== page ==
Exploring southwest of Houston, most of the time I do a loop around Brazoria National Wildlife Refuge, then the beaches, jetties and Bird Sanctuary at Quintana and then a tiny area around Surfside. This is mostly 4-wheel truck territory (except for the wildlife refuge), and is often really productive. This last trip the Surfside area was just superb.
Do you get orientated with maps? I do. This is highway 332 into Surfside and the great birding occurred under the highway overpass at the Intracoastal Canal, off the small gravel roads near the marshland and ... behind a bait shop.
You never can tell where great birding happens in Texas.
I am pretty sure it was still misting rain when I took this from the truck. As long as the rain isn't blowing on your lens, a bit of rain shouldn't slow you down. If you look closely, you can see the rain pelting on the surface of the water. That is a Great Egret hunting for his lunch. Rain doesn't stop them from getting out.
Rain didn't bother the Osprey, either. Remember I found one at Texas City Dike a few weeks ago? He was at the edge of the surf. This one looks as though he took his prey up top of the utility pole to dine in solitary splendor. I saw several that day, but this is the only one that was still. My BIF (Bird-in-Flight) skills are not well developed.
Roseate Spoonbills are such a great color, it is always fun to see one. You know they sift the water with that great bill and eat crustaceans, small fish, frogs and water insects. Most of the time they have their heads down, working the water for prey. This is the second one I saw in the area, he was just fluffing up his feathers and then continued poking around in the muddy water.
This Snowy Egret was working the edges of a tidal pool under the highway overpass near the Spoonbill. There were Willets and Great Blue Herons in the area while the tide was out and the water was shallow.
Also, a Reddish Egret was dancing around. Most of the time he was back in the shadows but he did come out for a while. These guys are so fast and move sideways and make quick turns. Remember, I saw a lot of these on the trip to Rockport and Corpus Christi. They hang out in salt water, so tidal pools are great opportunities to find them.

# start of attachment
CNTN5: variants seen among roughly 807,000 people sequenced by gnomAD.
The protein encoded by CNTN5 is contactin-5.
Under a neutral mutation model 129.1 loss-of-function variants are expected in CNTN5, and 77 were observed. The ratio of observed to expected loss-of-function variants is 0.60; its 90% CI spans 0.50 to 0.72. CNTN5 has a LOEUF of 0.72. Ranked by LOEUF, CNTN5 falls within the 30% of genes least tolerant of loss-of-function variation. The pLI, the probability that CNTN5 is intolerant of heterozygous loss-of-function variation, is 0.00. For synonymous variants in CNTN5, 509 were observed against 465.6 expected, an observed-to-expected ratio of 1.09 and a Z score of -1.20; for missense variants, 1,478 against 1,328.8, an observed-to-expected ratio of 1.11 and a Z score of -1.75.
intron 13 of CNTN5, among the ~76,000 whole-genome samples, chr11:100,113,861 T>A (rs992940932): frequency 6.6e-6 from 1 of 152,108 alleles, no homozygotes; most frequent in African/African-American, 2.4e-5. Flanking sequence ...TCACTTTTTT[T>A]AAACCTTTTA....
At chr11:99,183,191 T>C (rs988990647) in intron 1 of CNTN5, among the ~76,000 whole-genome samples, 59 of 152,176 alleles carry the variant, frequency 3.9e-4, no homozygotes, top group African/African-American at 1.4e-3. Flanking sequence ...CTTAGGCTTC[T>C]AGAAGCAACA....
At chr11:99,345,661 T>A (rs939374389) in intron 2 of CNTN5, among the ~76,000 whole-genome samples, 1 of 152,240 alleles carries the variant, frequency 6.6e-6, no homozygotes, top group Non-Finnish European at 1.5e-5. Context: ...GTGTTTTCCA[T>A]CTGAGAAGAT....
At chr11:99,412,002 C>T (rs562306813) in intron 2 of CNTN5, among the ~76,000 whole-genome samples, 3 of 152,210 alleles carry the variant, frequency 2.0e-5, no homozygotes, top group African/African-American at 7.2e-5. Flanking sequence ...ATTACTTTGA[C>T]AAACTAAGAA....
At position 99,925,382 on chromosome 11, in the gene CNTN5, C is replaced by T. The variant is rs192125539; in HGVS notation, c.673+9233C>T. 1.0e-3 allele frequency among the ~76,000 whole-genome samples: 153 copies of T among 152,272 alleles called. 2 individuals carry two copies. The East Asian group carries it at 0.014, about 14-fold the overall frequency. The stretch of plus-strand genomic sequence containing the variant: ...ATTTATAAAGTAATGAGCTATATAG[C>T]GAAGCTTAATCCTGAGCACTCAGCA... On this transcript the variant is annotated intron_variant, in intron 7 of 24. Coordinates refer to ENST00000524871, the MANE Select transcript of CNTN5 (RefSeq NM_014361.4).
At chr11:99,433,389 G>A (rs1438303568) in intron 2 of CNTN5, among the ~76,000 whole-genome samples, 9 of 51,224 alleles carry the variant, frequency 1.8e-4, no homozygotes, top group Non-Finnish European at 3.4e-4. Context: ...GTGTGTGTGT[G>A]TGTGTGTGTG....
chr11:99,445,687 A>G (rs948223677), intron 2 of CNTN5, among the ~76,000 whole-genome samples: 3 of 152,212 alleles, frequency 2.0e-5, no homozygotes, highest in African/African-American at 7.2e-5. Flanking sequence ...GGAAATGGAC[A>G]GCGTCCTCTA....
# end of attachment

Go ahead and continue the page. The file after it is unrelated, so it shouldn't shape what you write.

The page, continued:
This is a flipped reflection shot of my fave photographer, Bill Maroldo. The crate he is sitting on is standard equipment for bird photographers as it gets tiring to stand all the time. Also, you can get better shots if you are eye-level with the birds. He is checking his photo now for exposure; I think he was working on a Snowy at this time. I have learned a lot about birds and photography from him, and especially patience.
We were in the truck when we spotted this Tri-Colored Heron in a small pool of water at an intersection. These guys are so skittish; I took my shot from the vehicle window while Bill walked around trying to get closer.
I was watching him; the bird was blocked by some weeds for me at that time. And when I looked up.... a Snowy Egret had come to investigate. He stayed on the Stop sign watching us for a long time. Finally, he flew over to a post and began to harass the Tri-Colored Heron. They compete for the same food, and the Snowys generally win in a stare-down.
Later in the afternoon I walked down to the end of the road at the underpass. There is a sign that says "Road ends in 9/10 mile" that I always intend to photograph. I love the preciseness of our Texas Highway Dept.
At the end of the road is the Bridge Bait Shop and the Intracoastal Canal. I walked down to a really rickety pier to shoot that amazing building across the way. It is a boat storage facility; I have never seen it from the other side. The Bait shop has a funky look to it and the patrons were friendly and waving to me. I watched the barges go up and down the waterway and even saw some dolphins.
I was exploring the area and ...
This guy was perched on a post behind the Bait Shop. He wasn't spooked and I got up really close. He did do a bit of moving around, but stayed in the area for a ton of shots. This is a juvenile Black-Crowned Night Heron. They do hunt at evening and night, but I have seen them active during the day as well. Closely related is the Yellow-Crowned Night-Heron and I have photographed them often at Brazos Bend. The Black-Crowned was a new bird for me.
OK. A little rain and mud are not detrimental to good photographs. The sun was intermittent that day, once in a while it made everything sparkle.
Do you ever go to Surfside? Did you know most of it was underwater during hurricane Ike? Did you know a boy was attacked by a shark at the Surfside Beach this past June? First time in 20 years according to the authorities. I don't get in the water... yet.
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